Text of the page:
Common Ground: History and Theories of American Politics
ELAINE K. SWIFT DAVID W. BRADY
Never before have political scientists been more interested in history, a fact made plain by the dramatic increase in the number of historically oriented books and articles over the last decade. Not only does this interest show no sign of abating, but it has also begun to institutionalize itself with the establishment of historically oriented political science journals, Studies in American Political Development and Journal of Policy History; the initiation series of books by Princeton University Press, Stanford University Press, and Westview Press; and the formation of the History and Politics Section within the American Political Science Association ( Robertson, 1993). This turn to the past is only in small part due to the discipline's increased interest in history for its own sake. Rather, many political scientists have come to believe that history is an essential ingredient in building dynamic, generalizable, and accurate theory. Because a longer time line confronts scholars with conditions of stability and instability, thereby challenging them to account for both, historically informed theory is more likely to be dynamic, that is, better able to account for both continuity and change. A longer perspective also prompts attention beyond a particular phenomenon in a particular context to a phenomenon in its various manifestations and contexts over time, thereby encouraging the formulation of theory broad enough to capture that phenomenon's variegated nature over time. In addition, historically based research is more likely to be accurate. Any contemporary study is likely to draw upon a small sample in comparison to an historical study and therefore be less suited for formulating or testing theory than historical approaches, whose range of variables, conditions, and outcomes is more likely to be representative of the true nature of political phenomena.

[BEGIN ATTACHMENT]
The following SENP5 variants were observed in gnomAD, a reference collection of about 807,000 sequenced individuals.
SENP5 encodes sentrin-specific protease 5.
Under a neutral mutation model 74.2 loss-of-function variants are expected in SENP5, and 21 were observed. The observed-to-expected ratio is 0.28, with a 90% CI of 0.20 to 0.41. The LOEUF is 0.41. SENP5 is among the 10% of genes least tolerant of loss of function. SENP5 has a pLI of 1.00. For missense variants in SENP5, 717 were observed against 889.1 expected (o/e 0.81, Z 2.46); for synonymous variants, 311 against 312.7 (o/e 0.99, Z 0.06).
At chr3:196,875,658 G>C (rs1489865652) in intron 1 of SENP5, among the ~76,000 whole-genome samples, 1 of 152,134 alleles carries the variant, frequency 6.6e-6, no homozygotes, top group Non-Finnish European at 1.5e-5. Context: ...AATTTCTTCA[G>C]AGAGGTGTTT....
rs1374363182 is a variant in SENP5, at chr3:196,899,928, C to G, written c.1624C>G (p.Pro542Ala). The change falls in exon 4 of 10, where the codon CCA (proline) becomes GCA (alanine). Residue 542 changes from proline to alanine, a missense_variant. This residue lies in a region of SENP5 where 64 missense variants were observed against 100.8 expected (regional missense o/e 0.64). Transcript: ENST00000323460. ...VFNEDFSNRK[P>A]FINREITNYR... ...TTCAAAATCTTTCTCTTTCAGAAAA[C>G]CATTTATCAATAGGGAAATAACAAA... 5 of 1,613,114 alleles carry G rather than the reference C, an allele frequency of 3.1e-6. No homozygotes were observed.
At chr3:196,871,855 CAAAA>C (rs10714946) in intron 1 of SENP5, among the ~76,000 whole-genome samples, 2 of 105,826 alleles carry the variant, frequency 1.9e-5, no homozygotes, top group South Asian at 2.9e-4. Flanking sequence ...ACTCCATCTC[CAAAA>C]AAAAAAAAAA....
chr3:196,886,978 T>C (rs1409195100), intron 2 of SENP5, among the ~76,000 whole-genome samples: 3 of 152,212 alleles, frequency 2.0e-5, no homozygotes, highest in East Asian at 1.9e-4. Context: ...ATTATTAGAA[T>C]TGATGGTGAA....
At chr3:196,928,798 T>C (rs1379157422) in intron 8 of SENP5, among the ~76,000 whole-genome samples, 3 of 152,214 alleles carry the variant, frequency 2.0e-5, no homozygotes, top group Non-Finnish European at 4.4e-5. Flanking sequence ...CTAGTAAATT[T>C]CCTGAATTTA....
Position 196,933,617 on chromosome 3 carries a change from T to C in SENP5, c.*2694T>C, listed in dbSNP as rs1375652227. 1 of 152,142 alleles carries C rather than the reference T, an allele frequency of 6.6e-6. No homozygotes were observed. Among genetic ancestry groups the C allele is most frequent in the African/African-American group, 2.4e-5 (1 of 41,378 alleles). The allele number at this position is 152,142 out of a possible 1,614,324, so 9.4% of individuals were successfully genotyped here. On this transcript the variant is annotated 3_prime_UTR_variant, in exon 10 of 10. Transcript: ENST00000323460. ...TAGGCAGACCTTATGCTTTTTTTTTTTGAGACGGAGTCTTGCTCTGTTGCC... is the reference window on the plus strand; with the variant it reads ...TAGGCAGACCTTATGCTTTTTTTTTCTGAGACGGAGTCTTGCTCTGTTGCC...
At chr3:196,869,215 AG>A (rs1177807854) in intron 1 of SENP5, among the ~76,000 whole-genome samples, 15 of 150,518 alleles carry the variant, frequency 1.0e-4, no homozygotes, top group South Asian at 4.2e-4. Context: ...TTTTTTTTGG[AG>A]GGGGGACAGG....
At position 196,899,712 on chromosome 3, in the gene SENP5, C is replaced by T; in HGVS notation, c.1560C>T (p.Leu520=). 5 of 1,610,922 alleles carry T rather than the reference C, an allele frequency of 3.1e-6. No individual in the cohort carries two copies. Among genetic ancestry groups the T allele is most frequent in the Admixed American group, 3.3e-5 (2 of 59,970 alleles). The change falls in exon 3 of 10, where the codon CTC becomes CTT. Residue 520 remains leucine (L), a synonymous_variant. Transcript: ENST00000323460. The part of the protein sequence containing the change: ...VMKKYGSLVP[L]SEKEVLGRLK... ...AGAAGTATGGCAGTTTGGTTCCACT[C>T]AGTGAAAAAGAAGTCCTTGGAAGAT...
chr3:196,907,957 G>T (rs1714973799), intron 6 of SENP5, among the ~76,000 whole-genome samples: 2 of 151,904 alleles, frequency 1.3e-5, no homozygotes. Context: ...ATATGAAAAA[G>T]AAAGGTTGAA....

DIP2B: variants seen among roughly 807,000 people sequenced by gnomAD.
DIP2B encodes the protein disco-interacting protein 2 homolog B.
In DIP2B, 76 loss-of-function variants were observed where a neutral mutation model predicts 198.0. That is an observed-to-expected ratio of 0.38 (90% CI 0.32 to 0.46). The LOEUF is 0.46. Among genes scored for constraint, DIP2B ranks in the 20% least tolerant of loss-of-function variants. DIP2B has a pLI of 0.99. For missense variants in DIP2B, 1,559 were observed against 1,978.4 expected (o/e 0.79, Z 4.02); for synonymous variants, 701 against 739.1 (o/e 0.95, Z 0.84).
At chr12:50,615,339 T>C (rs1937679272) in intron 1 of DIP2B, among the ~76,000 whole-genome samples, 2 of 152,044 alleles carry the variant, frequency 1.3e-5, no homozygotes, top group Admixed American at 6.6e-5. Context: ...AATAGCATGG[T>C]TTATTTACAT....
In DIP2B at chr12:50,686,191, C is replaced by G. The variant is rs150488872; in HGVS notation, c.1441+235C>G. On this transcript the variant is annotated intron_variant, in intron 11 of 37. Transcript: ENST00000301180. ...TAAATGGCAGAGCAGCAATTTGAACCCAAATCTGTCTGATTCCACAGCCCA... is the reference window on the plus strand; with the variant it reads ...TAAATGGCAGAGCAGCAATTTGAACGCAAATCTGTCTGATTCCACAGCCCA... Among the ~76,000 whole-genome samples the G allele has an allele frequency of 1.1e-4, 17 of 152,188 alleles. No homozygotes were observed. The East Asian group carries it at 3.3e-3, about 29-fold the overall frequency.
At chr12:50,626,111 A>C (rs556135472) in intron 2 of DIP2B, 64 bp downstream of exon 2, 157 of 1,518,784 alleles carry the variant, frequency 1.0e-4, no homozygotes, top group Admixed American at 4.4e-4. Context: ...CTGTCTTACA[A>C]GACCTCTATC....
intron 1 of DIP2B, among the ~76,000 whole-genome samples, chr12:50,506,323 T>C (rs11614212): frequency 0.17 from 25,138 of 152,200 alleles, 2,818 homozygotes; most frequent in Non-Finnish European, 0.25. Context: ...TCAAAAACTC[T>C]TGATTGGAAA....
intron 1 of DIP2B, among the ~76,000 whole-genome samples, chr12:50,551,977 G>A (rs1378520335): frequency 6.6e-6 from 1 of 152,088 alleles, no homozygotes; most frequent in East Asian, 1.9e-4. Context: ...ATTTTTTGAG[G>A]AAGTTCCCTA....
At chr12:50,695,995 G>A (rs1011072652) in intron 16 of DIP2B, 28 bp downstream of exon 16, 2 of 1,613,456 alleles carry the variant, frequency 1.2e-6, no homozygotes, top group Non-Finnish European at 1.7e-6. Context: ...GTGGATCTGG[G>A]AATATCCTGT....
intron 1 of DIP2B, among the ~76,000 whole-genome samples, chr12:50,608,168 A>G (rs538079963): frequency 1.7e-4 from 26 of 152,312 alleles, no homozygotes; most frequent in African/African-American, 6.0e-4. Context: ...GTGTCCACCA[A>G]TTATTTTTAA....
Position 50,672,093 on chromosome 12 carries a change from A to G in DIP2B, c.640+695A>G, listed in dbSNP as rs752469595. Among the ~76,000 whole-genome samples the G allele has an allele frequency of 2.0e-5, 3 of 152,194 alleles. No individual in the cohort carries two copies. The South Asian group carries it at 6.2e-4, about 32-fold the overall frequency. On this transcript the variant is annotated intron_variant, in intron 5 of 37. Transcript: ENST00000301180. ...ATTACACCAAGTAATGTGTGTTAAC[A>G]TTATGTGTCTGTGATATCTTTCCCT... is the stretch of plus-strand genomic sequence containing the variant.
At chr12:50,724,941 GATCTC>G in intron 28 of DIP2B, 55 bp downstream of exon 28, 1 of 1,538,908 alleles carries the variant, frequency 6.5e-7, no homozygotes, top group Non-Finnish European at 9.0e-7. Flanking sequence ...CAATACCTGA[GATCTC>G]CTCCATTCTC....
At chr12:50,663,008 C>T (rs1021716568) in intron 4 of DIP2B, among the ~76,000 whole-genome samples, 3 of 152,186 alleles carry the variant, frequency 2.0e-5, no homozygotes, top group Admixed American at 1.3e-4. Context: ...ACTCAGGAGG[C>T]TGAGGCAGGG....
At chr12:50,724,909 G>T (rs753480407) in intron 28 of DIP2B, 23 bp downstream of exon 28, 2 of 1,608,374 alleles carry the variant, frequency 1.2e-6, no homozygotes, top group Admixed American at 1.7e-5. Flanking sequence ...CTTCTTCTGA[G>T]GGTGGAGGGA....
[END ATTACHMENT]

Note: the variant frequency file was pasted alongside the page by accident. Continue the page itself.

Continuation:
These and other advantages that history offers to political scientists are